As a truly new virus, tests had to be rapidly developed for the specific identification of COVID-19. The most common type of molecular test for COVID-19 uses a technique called RT-PCR (reverse transcription polymerase chain reaction). This technique can amplify a very small amount of genetic material millions of times, allowing detection. Related techniques include a method called isothermal amplification.

    Multiple labs and companies now offer molecular testing for COVID-19. Most tests require analysis in a lab, though a few can be conducted near the patient ("point of care" testing) by trained personnel. In some cases, tests results may require hours or days for the sample to be transported, the RNA isolated and amplified, and a test result obtained. Point-of-care testing may be more rapid, but typically can only run one to a few patient samples at a time. Data is limited on how the various methods compare for sensitivity, so all methods might not detect equivalently.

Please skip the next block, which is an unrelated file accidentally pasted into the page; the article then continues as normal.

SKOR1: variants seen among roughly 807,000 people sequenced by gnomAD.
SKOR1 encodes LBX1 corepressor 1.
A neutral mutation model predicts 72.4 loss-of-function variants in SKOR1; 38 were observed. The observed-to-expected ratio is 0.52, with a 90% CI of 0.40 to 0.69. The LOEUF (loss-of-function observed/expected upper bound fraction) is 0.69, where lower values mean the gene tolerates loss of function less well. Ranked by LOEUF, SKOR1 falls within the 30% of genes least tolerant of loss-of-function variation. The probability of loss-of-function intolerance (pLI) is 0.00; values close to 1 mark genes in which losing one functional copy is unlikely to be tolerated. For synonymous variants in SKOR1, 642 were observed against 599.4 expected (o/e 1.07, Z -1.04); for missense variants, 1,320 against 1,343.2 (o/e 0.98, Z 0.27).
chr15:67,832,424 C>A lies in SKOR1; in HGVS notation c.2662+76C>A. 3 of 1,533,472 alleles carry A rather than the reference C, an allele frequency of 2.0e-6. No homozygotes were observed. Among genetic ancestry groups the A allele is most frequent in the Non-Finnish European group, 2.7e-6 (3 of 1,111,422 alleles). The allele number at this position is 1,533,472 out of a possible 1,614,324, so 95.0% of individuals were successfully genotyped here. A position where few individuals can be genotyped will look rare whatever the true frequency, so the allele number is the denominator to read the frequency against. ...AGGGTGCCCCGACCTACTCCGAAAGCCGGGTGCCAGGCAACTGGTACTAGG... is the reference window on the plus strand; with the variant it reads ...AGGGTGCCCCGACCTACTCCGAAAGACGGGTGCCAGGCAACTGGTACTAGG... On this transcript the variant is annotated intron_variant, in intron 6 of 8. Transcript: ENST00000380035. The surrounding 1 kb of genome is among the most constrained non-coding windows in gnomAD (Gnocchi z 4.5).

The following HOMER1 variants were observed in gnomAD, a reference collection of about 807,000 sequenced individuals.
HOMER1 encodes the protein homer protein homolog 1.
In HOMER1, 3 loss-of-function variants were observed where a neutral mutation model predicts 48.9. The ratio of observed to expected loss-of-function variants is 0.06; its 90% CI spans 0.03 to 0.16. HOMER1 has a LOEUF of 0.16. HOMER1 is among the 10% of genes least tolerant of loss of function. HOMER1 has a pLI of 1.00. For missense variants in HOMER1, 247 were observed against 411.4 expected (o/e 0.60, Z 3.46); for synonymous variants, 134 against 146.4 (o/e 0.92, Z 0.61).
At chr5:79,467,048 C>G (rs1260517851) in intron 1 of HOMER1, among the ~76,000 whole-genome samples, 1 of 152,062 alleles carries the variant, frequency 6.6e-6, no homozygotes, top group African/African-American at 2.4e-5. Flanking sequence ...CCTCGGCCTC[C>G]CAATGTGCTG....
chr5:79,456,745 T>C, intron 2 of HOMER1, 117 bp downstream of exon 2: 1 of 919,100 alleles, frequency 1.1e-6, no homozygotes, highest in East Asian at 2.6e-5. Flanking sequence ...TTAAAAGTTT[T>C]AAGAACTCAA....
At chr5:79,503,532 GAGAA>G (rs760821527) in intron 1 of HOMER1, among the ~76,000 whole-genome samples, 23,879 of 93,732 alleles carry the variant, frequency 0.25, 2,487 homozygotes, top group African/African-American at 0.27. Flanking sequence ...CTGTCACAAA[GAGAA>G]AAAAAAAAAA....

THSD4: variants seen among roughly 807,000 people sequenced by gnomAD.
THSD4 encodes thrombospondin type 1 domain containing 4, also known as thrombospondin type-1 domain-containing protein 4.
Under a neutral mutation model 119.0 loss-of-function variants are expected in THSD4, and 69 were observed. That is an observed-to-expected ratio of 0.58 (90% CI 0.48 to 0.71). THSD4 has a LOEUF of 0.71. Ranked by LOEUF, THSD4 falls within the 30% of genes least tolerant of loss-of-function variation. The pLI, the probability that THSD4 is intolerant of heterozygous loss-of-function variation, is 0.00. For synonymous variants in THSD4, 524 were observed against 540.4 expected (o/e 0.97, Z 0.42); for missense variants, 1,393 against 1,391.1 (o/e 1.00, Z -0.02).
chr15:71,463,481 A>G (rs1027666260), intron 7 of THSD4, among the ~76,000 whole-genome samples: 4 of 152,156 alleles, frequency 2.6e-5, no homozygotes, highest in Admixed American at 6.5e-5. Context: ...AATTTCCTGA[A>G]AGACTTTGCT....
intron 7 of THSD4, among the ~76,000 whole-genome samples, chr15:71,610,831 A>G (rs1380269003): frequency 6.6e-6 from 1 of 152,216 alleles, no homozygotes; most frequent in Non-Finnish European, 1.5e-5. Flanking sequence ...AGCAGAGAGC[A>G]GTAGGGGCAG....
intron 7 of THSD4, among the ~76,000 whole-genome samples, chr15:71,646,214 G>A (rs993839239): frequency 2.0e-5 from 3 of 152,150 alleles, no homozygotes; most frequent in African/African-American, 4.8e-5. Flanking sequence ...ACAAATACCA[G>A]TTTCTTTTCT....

Unfortunately, restrictions in the ability to obtain a molecular test when needed remain a challenge. Barriers have included both test reagent shortages (as manufacturers struggle to keep up with demand) and limitations in other supplies such as swabs and media needed to transport the swab to the lab.

  • Sample collection for molecular testing for COVID-19

    Initially, long swabs (nasopharyngeal swabs) capable of collecting a sample far back in the throat were used but required a medically trained professional. Other swab types have since been utilized and have the advantage of easier collection or even allowing a patient to self-collect. Presence of virus may vary with sample type collected or timepoint. Some data suggest the techniques may be similar in their ability to obtain virus. Importantly, a collected sample may or may not contain virus in all patients with COVID-19.